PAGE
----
Hyphens are also typically recommended when adding prefixes or suffixes would create double vowels (anti-agrarian, ultra-ambitious) or double consonants (non-negotiable, shell-like). However, there are a number of exceptions to this rule. For example, the prefixes pre and re don’t require hyphens according to the somewhat arbitrary laws of punctuation  (reenter, preempt). Additional prefixes that don’t require hyphens include:

    • after (aftereffect)
    • anti (antiestablishment)
    • bi (biannual)
    • co (coauthor)
    • extra (extrasensory, extracurricular)
    • inter (interpersonal)
    • micro (micromanage)
    • mini (miniseries)
    • multi (multilingual)
    • mid (midsentence)
    • non (nonprofit)
    • socio (socioeconomic)
    • over (overprotective)
    • under (underrepresented)
    • post (postwar)
    • pro (promarriage)
    • semi  (semistructured)
    • sub (subpar, subcontract)
    • super (supercharge, superannuated)  
    • ultra (ultramarathon, ultrachic, ultracareful)

Suffixes that don’t require hyphens include ache (toothache), less (formless), like (catlike, wavelike), and wide (citywide).

Some sources say that the rule about splitting up two vowels overrides the general rules for hyphen use and recommend adding hyphens to words such as anti-establishment, co-occur, and re-enter. When in doubt, go with personal preference or whatever style guide you’re working with and be consistent.

Also, use a hyphen in cases where adding a prefix without it would change the intended meaning (for example, re-form vs. reform, re-cover vs. recover, re-creation vs. recreation, re-petition vs. repetition, re-sent vs. resent, and un-ionized vs. unionized).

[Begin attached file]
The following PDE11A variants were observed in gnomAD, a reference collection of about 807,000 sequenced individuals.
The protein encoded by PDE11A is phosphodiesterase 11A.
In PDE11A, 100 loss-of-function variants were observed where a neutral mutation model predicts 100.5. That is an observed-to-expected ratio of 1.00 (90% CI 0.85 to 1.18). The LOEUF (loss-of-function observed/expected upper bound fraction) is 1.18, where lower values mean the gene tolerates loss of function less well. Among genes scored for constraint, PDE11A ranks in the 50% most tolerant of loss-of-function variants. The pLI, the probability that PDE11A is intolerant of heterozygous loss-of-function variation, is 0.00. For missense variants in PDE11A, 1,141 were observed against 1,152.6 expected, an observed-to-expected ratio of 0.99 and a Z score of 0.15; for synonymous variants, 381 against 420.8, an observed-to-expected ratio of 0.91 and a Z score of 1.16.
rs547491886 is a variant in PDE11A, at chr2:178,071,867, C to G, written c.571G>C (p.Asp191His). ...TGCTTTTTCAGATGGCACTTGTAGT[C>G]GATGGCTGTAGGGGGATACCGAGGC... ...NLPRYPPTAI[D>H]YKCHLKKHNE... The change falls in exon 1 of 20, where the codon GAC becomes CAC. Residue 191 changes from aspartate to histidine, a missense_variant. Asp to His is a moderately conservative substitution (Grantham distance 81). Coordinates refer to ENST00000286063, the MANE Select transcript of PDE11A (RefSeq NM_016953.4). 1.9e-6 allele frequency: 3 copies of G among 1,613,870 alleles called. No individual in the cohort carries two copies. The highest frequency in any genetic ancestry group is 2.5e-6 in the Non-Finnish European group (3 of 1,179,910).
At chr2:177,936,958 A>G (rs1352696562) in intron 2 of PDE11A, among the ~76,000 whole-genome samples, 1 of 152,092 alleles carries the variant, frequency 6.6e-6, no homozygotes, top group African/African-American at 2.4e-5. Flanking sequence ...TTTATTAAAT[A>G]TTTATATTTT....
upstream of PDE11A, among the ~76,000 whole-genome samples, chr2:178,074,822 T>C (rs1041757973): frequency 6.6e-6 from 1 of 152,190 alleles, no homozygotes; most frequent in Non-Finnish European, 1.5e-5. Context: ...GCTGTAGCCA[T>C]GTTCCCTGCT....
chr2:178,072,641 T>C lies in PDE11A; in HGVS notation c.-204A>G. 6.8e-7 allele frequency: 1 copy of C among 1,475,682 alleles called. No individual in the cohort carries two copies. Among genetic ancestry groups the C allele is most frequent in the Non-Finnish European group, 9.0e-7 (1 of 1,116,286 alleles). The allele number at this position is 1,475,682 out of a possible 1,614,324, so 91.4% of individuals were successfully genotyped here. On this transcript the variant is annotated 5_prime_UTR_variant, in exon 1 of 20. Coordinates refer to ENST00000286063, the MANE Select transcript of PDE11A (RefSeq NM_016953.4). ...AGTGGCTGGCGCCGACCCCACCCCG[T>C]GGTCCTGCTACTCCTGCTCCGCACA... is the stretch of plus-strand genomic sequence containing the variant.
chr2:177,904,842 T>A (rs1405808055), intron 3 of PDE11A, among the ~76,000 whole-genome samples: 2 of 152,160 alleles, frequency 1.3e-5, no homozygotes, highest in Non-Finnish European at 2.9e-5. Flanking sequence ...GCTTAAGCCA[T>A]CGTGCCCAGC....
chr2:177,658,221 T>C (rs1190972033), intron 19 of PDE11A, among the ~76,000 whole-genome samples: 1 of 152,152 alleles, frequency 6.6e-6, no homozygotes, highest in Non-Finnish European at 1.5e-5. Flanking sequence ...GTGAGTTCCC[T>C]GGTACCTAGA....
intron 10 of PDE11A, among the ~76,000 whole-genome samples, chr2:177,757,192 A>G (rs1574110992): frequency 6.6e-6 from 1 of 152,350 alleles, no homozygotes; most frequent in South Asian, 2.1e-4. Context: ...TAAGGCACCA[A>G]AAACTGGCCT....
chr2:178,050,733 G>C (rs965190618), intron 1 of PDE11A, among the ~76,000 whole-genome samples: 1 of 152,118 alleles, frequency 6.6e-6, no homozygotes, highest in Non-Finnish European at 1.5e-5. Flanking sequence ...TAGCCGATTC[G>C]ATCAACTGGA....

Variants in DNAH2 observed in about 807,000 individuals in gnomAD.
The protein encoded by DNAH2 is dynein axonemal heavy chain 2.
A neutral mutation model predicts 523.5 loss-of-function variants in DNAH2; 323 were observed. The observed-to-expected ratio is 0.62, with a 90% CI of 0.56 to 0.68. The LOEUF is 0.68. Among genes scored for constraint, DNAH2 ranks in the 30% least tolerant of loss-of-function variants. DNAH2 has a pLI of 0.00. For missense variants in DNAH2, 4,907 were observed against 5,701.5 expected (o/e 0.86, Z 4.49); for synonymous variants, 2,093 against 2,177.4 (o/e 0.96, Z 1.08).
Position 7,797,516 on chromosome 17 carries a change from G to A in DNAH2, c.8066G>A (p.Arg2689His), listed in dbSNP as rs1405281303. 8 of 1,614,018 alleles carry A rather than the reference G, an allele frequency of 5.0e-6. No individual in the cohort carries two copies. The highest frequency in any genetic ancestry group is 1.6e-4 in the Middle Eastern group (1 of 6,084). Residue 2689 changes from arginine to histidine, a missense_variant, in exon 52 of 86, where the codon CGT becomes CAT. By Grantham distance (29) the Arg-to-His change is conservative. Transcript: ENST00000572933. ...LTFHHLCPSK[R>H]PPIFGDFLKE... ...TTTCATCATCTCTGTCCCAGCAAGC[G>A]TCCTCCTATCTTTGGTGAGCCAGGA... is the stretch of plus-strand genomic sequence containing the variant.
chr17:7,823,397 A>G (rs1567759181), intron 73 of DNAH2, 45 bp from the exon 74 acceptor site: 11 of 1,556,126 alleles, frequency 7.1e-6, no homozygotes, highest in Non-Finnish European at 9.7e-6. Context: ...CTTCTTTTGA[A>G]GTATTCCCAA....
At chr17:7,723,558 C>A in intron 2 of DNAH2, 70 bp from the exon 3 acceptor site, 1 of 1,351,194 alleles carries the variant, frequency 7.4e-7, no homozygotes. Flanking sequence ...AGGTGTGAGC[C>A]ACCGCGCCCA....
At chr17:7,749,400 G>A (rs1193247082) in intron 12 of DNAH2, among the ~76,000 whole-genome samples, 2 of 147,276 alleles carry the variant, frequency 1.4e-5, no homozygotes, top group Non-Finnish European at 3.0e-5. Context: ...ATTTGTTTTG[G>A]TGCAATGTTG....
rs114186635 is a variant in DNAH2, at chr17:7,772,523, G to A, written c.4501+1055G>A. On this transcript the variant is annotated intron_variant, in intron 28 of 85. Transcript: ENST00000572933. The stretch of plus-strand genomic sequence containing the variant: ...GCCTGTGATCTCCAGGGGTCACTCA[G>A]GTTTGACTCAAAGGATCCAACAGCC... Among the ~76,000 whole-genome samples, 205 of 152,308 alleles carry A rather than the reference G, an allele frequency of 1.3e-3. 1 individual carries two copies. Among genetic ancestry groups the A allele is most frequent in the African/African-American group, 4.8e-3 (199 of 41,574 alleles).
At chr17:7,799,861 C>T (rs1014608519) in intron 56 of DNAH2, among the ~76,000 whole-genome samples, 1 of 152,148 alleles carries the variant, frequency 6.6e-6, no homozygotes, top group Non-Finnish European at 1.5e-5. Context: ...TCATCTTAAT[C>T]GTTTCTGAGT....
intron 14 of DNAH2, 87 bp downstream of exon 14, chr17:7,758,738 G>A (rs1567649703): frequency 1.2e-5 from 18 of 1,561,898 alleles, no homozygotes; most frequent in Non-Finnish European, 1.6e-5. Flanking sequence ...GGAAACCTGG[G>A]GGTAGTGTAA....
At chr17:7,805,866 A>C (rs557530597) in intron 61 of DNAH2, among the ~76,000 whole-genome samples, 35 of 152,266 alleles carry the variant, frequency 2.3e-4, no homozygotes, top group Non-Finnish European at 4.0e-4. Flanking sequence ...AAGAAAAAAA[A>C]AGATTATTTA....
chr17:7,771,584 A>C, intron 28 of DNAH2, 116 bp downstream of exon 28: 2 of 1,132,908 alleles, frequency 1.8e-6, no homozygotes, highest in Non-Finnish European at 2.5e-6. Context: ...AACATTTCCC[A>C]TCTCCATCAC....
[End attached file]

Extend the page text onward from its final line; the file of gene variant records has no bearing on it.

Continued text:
Hyphens for Family Members

Use hyphens with ex, in-law, and great (ex-wife, mother-in-law, great-uncle).

Don’t use hyphens with step, half, and grand (stepfather, half sister, grandmother).

Hyphens in Fractions

Hyphens are typically used in fractions such as four-fifths. However, there are no simple rules for half; in some words it is added without a space or hyphen (halfway); for others, a space is added (half brother) or hyphens are used (half-hour).

Hyphens for Breaking Words in Two

Splitting words should be avoided whenever possible. If there is no way to avoid it, break the word between syllables and into roughly equal parts if possible, and add a hyphen to show the spot where the word breaks. For example, if you have to break the word heartbeat, break it at heart- and continue with beat on the next line.

Dashes ()

The dash (often referred to as the em dash) is used to mark information that is provided as an aside (information that could also be placed in parentheses) or an interruption, though the dash may be used to emphasize information as well.

He went to the store — with my money — to buy Popsicles for his elephant.